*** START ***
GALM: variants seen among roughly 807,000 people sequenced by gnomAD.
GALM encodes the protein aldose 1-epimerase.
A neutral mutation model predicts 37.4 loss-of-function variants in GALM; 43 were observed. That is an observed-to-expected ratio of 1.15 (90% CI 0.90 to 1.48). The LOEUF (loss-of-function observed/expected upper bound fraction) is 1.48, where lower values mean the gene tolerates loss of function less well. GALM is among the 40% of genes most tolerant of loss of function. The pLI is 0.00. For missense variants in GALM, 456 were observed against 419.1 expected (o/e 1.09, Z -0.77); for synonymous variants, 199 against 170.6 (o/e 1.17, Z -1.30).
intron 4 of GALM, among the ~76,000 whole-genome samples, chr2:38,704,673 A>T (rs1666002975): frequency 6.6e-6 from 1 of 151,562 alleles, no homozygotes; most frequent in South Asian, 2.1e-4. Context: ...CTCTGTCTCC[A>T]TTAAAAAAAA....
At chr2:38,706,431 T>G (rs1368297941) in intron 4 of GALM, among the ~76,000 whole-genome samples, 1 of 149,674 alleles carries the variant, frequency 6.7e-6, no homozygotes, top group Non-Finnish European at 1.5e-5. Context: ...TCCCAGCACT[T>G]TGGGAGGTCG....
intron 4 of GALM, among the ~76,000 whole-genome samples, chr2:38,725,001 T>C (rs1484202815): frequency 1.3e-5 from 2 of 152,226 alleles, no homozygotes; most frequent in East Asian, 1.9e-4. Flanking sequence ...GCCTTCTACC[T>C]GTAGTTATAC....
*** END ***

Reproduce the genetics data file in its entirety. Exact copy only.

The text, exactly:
GALM: variants seen among roughly 807,000 people sequenced by gnomAD.
GALM encodes the protein aldose 1-epimerase.
A neutral mutation model predicts 37.4 loss-of-function variants in GALM; 43 were observed. That is an observed-to-expected ratio of 1.15 (90% CI 0.90 to 1.48). The LOEUF (loss-of-function observed/expected upper bound fraction) is 1.48, where lower values mean the gene tolerates loss of function less well. GALM is among the 40% of genes most tolerant of loss of function. The pLI is 0.00. For missense variants in GALM, 456 were observed against 419.1 expected (o/e 1.09, Z -0.77); for synonymous variants, 199 against 170.6 (o/e 1.17, Z -1.30).
intron 4 of GALM, among the ~76,000 whole-genome samples, chr2:38,704,673 A>T (rs1666002975): frequency 6.6e-6 from 1 of 151,562 alleles, no homozygotes; most frequent in South Asian, 2.1e-4. Context: ...CTCTGTCTCC[A>T]TTAAAAAAAA....
At chr2:38,706,431 T>G (rs1368297941) in intron 4 of GALM, among the ~76,000 whole-genome samples, 1 of 149,674 alleles carries the variant, frequency 6.7e-6, no homozygotes, top group Non-Finnish European at 1.5e-5. Context: ...TCCCAGCACT[T>G]TGGGAGGTCG....
intron 4 of GALM, among the ~76,000 whole-genome samples, chr2:38,725,001 T>C (rs1484202815): frequency 1.3e-5 from 2 of 152,226 alleles, no homozygotes; most frequent in East Asian, 1.9e-4. Flanking sequence ...GCCTTCTACC[T>C]GTAGTTATAC....